About two months ago I sat down for a catch-up meeting with a client, Judy. She had just lost her husband three weeks ago. She looked emotionally spent. We sat down at her kitchen table for tea. She fidgeted with her hair and gazed out the window. Finally, she summoned the strength to ask "Where will the money come from?"
John, her husband of 37 years, handled the money. He handled the bills, wrote the checks, spoke to me about investing, and went to the bank every week. He knew from where the money was coming. Sadly, Judy did not. She left money matters to John and me. She never was interested. She assumed as long as she had something in her checking account, everything was okay.
Now things were different. John wasn't there. They had no kids to help. Judy was looking to me for guidance. When a client becomes a widow, everything changes. The time horizon shortens. Every decision gets magnified. Anxiety sets in. Often these worries lead to indecision and create bigger worries. I knew what she needed. She needed someone to listen to her.
"Judy that's a good question. But is that your only question?" I asked.
"Well, I don't know, I'm not sure where the money will come from day-to-day. And I don't know if I have enough to even live on the rest of my life." She went on, "John did it all. Now I just don't know. What do I with the house? Should I sell? What do I do with the life insurance check? I have all these questions and it's so overwhelming. What about his company's 401(k)? Do I have to take money from that?"
I continued to listen. Then when she paused, I looked to reassure her. I told her when a major life event happens, like losing a spouse, it is completely normal to worry. "These are all good questions, how about we take them one at a time?" She agreed.
For the next two hours, and two more cups of tea, we sat and talked about all her financial obligations and money worries. We went through the Widow's Financial Checklist, making sure no stone was left unturned. I listened and reassured her again, "We will work through this together." I heard the tone in her voice begin to lift. She was feeling more upbeat, more confident. After listening to her concerns, I had about two pages of notes. I took a deep breadth and looked up from my pen and paper, "Judy, I think I have a better idea of what's on your mind now. Here's what I propose."
"We have a lot of moving parts. John has various employer plans. You have questions on his 401(k), his health insurance, and his work life insurance. Then there is the question about the house and the mortgage. Finally, you need to know if you have enough money to live on for the rest of your life. You also need a plan for where the money will come from day-to-day. In short, you want to know whether you can continue to live life as if John was still here?" She nodded in agreement.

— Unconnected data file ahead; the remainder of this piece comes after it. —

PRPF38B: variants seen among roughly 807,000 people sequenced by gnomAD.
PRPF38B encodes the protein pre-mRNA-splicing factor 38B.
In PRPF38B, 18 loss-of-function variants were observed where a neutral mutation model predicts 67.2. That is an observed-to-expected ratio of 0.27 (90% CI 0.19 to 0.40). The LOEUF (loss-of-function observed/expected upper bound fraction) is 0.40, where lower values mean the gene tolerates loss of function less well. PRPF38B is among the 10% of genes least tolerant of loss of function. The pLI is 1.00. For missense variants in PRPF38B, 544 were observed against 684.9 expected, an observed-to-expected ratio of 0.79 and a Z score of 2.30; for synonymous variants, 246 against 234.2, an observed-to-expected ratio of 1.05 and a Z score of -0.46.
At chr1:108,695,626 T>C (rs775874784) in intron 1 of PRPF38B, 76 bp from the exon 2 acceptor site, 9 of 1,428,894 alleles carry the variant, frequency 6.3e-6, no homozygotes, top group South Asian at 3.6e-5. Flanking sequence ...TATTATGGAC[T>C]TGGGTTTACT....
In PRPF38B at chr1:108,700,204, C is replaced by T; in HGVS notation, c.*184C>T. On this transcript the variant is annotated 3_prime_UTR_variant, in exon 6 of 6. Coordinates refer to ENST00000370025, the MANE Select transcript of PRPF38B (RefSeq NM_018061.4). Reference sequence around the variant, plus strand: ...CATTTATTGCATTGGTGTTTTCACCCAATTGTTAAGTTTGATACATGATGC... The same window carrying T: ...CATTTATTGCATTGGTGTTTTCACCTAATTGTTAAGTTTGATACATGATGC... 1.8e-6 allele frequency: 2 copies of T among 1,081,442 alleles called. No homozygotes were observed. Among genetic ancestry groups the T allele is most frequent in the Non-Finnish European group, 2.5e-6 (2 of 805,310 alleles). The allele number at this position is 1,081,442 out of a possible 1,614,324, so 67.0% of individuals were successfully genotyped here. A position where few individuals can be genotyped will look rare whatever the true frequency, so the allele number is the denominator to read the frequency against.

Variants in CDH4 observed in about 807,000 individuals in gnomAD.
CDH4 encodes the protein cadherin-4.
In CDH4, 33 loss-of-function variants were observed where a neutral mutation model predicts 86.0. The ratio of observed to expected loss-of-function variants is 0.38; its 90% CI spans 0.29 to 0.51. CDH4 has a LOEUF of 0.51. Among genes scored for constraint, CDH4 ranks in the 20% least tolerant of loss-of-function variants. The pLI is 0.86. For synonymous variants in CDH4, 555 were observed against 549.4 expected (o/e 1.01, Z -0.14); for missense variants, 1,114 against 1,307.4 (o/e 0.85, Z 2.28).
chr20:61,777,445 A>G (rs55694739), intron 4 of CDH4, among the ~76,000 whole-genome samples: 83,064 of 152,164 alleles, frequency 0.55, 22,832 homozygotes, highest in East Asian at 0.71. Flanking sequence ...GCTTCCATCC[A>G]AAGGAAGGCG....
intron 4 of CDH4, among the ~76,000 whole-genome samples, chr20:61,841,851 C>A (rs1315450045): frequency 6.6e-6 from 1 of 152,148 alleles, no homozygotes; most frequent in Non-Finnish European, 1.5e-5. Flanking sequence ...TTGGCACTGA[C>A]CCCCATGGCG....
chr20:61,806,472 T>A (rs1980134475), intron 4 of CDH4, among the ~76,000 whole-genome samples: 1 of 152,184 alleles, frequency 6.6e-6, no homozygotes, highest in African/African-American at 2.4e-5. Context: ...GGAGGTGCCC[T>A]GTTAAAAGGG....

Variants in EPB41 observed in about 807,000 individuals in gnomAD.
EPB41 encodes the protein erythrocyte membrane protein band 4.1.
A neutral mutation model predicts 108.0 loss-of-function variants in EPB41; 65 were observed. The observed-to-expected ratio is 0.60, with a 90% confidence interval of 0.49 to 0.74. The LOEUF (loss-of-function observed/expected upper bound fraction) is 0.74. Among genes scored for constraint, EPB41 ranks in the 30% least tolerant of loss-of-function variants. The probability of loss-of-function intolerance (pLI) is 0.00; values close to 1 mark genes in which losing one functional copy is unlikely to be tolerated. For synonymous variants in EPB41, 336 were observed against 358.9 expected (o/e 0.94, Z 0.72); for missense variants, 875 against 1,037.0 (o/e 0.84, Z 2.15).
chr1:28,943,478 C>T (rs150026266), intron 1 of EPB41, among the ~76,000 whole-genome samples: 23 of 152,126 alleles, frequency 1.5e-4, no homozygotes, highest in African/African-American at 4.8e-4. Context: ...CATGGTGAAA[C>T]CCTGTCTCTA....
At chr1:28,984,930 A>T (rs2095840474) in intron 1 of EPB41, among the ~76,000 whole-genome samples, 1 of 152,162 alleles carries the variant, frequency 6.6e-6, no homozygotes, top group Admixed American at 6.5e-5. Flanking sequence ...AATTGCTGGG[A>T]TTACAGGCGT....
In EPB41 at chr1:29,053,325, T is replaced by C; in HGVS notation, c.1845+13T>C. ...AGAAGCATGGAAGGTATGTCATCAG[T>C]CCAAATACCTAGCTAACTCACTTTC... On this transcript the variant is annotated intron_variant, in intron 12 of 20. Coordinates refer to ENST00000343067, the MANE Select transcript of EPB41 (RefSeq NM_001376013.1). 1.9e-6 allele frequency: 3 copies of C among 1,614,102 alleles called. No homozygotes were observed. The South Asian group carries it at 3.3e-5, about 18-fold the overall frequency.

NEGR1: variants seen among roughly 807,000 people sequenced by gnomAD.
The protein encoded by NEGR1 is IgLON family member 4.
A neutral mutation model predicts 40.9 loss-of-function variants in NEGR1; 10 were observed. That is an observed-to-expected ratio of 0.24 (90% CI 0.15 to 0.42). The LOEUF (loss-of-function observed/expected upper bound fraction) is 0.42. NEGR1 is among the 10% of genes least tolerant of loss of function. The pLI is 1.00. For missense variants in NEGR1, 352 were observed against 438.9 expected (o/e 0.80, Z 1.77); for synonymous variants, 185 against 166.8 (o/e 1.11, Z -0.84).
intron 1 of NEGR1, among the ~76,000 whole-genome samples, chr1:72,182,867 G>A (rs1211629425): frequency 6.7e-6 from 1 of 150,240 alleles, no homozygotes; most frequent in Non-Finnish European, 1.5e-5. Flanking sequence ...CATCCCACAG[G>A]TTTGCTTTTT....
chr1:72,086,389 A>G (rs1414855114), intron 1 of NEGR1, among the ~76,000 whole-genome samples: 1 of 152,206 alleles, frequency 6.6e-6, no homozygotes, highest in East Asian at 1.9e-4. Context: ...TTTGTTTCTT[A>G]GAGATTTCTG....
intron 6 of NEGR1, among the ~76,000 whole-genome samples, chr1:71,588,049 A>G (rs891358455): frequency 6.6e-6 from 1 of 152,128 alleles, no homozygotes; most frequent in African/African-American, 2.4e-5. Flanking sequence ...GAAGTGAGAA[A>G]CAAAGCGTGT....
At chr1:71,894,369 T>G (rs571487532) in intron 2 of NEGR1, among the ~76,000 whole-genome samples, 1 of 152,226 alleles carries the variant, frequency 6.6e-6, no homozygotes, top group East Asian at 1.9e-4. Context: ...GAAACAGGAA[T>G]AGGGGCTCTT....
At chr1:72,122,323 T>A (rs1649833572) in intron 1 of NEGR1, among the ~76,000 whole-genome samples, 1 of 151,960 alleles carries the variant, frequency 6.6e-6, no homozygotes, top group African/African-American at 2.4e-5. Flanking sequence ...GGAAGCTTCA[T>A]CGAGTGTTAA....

"Judy what we need is a plan." She wholeheartedly agreed.
Two weeks later
I came back to Judy about two weeks later. We sat at the same kitchen table and she poured me a cup of the same tea. She seemed more optimistic. I smiled and said I have the answers. She laughed. I opened her Survivor's Financial Plan and we went carefully through each section. We reviewed the monthly budget. We found some places to save money. I explained to her the 10 Social Security rules she needs to know. We went through her life insurance claiming options. We discussed whether to payoff the mortgage or keep some money in cash. Finally, I showed her the retirement projections. I explained how she can maintain her livelihood by using a three-bucket investment plan: an account for day-to-day needs, one for expenses in the next 1-5 years, and a long-term bucket invested for future healthcare needs and future living expenses. When I saw her sit back and smile, I knew she was feeling better.
Financial planning is important at every stage of life. Whether it's having a baby, retiring, or losing a loved one. Major life events can cause major anxiety. That is why planning can help. Getting a handle on your finances is about feeling in control. When there is uncertainty and life choices seem daunting, financial planning is one way to help make sense of it all. Judy is not unlike many widows. She went from being unsure of herself and her future, to feeling more confident and more optimistic about what lies ahead. If you have a little bit of Judy in you, I encourage you to take the first step. Let's have a cup of tea, and pour me a cup of your thoughts.
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Michael Aloi, Financial Planner